Foam Lake Birding No. 70

No. 70
Feeders, as such, for insect eaters are almost nonexistent and what does exist is very simple in design. Suet can be hung directly on a tree or post requiring only a piece of wire or string; peanuts can be placed directly on the ground or something like deck railing; peanut butter mixtures can be spread directly on a branch. However, to discourage unwanted “guests” some effort has to be made to protect the food set out for the birds.
Suet can be put in small metal cages that can be bought in stores. Once filled with suet, the cage can be hung on a tree or post. Unwanted visitors, such as ravens and cats, cannot steal the suet to eat elsewhere. Yet, birds can still peck at the suet through the grating.
Shelled peanuts should be provided in a metal tube similar to that of a seed feeder. Holes are drilled in the sides large enough for the birds to peck through, but small enough to prevent the peanuts from falling out. These feeders are available in stores. This kind of feeder also discourages squirrels - the bane of bird lovers everywhere. Peanuts, shelled or unshelled, will disappear very quickly. Both Blue Jays and squirrels gather the peanuts and take them away and store them for future use. No matter how many nor how often the peanuts are provided they disappear in minutes. One year a jay kept storing the unshelled peanuts that I had put out, so I would go to its storage site, pick up the peanuts and put them again out the next day. The jay would hide them in exactly the same place as before, and I would recover the peanuts and put them out the next day. This routine continued until the jay disappeared.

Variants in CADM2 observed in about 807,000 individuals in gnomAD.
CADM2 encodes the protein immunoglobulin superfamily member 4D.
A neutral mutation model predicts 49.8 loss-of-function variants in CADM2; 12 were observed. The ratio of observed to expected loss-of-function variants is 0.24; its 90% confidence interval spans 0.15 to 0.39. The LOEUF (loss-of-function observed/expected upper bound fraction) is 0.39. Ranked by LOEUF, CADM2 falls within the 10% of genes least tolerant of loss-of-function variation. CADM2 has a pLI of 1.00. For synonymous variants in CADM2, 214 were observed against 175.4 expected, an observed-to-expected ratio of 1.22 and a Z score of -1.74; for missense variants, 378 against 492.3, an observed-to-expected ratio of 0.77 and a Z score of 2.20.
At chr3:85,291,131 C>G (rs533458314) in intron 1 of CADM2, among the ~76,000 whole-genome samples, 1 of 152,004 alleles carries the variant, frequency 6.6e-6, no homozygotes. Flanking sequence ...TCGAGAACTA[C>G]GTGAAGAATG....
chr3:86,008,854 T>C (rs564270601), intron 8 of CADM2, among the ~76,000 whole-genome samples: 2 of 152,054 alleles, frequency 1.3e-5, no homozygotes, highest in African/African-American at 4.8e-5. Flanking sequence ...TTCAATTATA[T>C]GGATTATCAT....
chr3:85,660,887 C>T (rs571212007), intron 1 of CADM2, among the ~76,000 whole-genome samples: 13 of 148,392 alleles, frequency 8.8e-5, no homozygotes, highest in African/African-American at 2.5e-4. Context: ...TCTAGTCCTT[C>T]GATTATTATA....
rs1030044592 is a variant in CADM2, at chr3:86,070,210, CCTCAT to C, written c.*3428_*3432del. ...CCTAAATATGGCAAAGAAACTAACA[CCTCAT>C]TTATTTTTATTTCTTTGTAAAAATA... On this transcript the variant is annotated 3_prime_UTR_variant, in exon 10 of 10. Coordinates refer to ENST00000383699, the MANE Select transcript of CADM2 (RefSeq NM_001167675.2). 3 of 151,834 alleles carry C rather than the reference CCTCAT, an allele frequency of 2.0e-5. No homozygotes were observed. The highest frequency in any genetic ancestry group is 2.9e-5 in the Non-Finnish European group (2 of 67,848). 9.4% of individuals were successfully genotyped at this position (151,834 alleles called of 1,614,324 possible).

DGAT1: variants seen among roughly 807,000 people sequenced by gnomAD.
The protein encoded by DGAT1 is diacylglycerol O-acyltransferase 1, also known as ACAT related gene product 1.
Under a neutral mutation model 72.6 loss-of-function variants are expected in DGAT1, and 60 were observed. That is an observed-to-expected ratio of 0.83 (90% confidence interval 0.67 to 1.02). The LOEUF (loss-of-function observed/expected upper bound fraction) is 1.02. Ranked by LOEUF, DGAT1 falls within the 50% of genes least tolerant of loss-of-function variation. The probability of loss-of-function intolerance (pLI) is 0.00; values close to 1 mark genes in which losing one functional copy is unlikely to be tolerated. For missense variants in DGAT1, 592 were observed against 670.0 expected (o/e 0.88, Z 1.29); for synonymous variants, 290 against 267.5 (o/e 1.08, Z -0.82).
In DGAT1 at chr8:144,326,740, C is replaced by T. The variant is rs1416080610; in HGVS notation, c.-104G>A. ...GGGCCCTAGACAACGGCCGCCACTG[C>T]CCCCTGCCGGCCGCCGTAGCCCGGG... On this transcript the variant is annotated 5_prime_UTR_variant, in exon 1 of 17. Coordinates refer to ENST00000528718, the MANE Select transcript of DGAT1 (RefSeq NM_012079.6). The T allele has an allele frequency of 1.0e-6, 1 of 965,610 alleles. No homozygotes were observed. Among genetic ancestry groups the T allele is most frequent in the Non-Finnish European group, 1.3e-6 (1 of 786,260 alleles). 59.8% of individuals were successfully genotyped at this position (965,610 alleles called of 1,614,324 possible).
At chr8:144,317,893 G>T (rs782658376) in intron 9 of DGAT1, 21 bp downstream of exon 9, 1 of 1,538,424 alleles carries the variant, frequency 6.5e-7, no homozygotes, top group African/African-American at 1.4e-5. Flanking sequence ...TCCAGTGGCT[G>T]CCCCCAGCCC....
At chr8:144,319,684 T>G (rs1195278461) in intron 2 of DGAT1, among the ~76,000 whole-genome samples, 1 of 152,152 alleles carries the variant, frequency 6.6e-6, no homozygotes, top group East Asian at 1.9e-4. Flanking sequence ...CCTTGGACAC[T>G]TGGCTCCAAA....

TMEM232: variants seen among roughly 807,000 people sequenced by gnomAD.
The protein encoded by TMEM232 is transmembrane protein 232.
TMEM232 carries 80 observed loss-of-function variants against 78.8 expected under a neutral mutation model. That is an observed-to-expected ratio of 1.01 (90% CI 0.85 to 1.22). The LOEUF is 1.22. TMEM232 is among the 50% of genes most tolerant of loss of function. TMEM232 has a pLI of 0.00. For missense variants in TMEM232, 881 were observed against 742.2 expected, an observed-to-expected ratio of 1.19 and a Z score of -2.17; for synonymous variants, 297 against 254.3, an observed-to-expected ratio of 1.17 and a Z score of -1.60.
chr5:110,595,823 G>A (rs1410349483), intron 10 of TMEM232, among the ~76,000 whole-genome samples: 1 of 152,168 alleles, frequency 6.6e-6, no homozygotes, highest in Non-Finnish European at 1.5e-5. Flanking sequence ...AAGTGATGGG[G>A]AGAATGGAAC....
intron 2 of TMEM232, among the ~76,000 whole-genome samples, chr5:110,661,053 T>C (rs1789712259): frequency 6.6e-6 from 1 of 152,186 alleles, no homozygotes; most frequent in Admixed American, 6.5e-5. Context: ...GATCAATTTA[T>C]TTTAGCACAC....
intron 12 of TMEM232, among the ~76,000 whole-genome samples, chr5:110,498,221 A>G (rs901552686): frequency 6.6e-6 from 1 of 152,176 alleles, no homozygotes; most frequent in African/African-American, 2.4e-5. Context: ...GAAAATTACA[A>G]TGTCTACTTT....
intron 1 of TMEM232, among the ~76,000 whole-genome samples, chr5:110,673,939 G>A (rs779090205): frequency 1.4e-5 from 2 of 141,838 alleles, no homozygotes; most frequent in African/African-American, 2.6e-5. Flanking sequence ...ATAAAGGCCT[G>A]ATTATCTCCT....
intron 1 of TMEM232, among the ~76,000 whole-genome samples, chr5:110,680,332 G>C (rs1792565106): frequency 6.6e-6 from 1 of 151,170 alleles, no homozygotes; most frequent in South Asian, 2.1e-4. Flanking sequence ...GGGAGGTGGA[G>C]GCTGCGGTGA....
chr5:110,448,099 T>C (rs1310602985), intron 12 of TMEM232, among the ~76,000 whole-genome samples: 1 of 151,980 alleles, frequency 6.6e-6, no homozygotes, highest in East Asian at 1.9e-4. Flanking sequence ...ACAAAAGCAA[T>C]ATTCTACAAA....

The peanut butter mixture can be spread directly onto a branch or the trunk of a tree if the bark is rough enough. If such a tree does not exist in your yard then some sort of man made device is necessary. Luckily, these are easy to make. A block of firewood with rough bark, such as maple or elm, can be hung horizontally and the mixture spread on it as on a branch. A design that I have developed is a 3” diameter and 12’ long block of wood hung by an eye hook screwed into one end. With smooth barked wood such as poplar, I drill shallow holes in the sides (3/4” wide and 1” deep) and fill them with the mixture. The holes should be drilled at a slight downward angle to prevent the food from falling out.
This week’s picture is of a Red Breasted Nuthatch feeding on a feeder of my design just described above. Of the two nuthatches found here, the Red Breasted can be identified quite easily by its distinctive black eye line through a white face. For a more thorough discussion on nuthatches see article No. 32. Over the past several winters we have had a small group of nuthatches roosting in a birdhouse used by Tree Swallows in the summer. Since the food we provide is only a few feet from the bird house, everything is very convenient for them. This winter we have three of them in that same birdhouse in our yard. In all likelihood a few should be in everybody’s yard sooner or later.